Today's climate and energy headlines:
- Scientists urge deep rapid change to limit warming
- Energy sector's carbon emissions to grow for second year running
- ‘Desperate’ court challenge to stop fracking in Lancashire
- We must reduce greenhouse gas emissions to net zero or face more floods
- The Observer view on fracking fissures obscuring the need to embrace green technologies
- Drivers, timing and some impacts of global aridity change
- Warm Arctic, increased winter sea‐ice growth?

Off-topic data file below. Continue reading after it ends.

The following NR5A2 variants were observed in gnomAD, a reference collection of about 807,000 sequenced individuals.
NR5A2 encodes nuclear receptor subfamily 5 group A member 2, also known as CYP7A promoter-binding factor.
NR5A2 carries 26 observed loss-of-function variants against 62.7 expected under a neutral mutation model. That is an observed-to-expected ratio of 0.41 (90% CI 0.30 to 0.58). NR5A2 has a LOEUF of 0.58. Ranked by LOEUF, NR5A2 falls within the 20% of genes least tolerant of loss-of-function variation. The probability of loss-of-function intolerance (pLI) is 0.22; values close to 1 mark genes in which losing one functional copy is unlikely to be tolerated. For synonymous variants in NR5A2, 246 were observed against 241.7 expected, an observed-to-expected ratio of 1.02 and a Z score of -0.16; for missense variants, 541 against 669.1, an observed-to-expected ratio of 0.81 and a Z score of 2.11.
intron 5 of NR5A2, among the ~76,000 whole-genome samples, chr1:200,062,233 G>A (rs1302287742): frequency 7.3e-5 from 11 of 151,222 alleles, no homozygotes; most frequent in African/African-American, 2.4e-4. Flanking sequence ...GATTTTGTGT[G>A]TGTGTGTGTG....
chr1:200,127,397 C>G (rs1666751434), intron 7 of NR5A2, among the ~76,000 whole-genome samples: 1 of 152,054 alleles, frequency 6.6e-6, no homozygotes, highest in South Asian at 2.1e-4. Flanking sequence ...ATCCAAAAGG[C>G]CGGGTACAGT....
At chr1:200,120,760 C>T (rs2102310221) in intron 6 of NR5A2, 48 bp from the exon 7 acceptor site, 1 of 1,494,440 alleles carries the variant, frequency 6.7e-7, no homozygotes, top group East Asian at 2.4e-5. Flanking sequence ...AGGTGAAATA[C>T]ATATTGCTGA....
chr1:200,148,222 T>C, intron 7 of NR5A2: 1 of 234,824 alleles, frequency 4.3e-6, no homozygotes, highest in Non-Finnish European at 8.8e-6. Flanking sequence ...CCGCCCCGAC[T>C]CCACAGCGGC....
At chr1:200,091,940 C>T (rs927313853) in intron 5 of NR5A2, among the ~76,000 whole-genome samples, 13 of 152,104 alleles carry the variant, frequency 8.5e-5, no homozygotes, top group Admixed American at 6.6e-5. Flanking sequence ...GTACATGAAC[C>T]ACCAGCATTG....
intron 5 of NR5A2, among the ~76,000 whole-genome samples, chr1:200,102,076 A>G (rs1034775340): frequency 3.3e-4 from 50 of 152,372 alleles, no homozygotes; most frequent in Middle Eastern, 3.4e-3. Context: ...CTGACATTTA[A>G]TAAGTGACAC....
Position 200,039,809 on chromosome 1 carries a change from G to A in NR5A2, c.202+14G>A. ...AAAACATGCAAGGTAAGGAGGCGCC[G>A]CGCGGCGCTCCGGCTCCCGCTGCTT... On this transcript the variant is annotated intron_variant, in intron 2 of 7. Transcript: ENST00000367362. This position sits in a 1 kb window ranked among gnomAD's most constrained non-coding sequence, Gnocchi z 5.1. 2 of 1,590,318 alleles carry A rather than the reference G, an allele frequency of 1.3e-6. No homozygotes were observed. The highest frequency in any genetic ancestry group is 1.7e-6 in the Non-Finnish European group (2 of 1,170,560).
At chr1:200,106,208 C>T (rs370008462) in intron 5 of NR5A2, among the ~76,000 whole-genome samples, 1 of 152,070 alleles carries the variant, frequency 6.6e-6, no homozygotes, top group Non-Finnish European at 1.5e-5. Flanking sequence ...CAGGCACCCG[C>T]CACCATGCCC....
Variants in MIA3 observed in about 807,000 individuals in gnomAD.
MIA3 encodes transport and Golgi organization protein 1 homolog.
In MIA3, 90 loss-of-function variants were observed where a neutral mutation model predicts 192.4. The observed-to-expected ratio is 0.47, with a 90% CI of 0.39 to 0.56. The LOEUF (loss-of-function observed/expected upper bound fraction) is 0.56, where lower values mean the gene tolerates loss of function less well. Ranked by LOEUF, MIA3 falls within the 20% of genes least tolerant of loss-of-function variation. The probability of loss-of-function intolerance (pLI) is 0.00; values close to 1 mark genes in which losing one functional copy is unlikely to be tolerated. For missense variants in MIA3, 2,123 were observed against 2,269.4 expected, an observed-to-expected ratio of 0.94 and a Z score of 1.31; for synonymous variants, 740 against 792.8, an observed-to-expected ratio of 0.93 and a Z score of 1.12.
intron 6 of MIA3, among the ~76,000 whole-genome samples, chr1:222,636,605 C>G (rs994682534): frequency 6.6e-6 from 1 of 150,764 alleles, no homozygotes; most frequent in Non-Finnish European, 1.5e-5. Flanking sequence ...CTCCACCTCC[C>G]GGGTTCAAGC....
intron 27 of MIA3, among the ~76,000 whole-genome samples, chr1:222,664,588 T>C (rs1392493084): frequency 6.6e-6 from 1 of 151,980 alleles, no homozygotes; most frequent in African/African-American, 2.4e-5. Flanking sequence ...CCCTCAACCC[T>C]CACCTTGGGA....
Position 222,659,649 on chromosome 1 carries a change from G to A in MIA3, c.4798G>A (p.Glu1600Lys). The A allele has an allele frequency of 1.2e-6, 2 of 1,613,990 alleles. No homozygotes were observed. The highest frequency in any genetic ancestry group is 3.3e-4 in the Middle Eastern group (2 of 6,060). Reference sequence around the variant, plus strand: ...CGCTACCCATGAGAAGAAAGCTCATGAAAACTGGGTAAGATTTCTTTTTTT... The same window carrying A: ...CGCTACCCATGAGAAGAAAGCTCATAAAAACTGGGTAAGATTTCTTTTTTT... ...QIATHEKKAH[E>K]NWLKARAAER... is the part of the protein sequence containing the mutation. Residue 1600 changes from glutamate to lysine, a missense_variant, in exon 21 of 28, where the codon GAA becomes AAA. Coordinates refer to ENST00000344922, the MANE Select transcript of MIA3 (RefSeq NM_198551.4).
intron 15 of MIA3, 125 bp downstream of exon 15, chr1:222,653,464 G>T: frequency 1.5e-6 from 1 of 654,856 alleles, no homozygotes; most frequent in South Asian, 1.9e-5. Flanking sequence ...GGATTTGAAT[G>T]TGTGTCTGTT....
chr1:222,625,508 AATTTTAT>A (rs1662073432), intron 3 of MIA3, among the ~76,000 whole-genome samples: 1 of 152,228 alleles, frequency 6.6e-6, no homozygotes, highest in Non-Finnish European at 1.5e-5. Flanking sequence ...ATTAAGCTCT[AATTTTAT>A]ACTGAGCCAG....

There is extensive global media coverage of the Intergovernmental Panel on Climate Change’s (IPCC) special report on 1.5C, which was published today following a week-long meeting in South Korea of climate scientists and government representatives. BBC news says: “It’s the final call, say scientists, the most extensive warning yet on the risks of rising global temperatures. Their dramatic report on keeping that rise under 1.5C states that the world is now completely off track, heading instead towards 3C. Staying below 1.5C will require ‘rapid, far-reaching and unprecedented changes in all aspects of society’. It will be hugely expensive, the report says, but the window of opportunity is not yet closed.” The Guardian – which is only one of two national UK newspapers to feature the story on its frontpage – says the IPCC report warns “there is only a dozen years for global warming to be kept to a maximum of 1.5C, beyond which even half a degree will significantly worsen the risks of drought, floods, extreme heat and poverty for hundreds of millions of people”. In its extensive coverage, the Guardian also includes a timeline showing how the IPCC “got to 1.5C threshold”, a live blog and a round-up of reaction. The Financial Times says the “world is on track to overshoot the targets of the Paris climate agreement and warm by 3C by the end of the century, a level that would disrupt life around the planet”. The other UK publications to cover the report include the Times, Sky News, i, Daily Telegraph, Daily Mail and Climate Home News. Beyond the UK, Reuters says the report concludes that “massive societal changes needed to meet lower global warming target world needs”. The New York Times says the “landmark report…paints a far more dire picture of the immediate consequences of climate change than previously thought and says that avoiding the damage requires transforming the world economy at a speed and scale that has ‘no documented historic precedent’.” The Washington Post says “the world has barely 10 years to get climate change under control”, which echoes CNN‘s focus. An AFP story published before the report was published says that Saudi Arabia had threatened to block key findings within the report. It is believed that the Saudis failed in their attempts, though.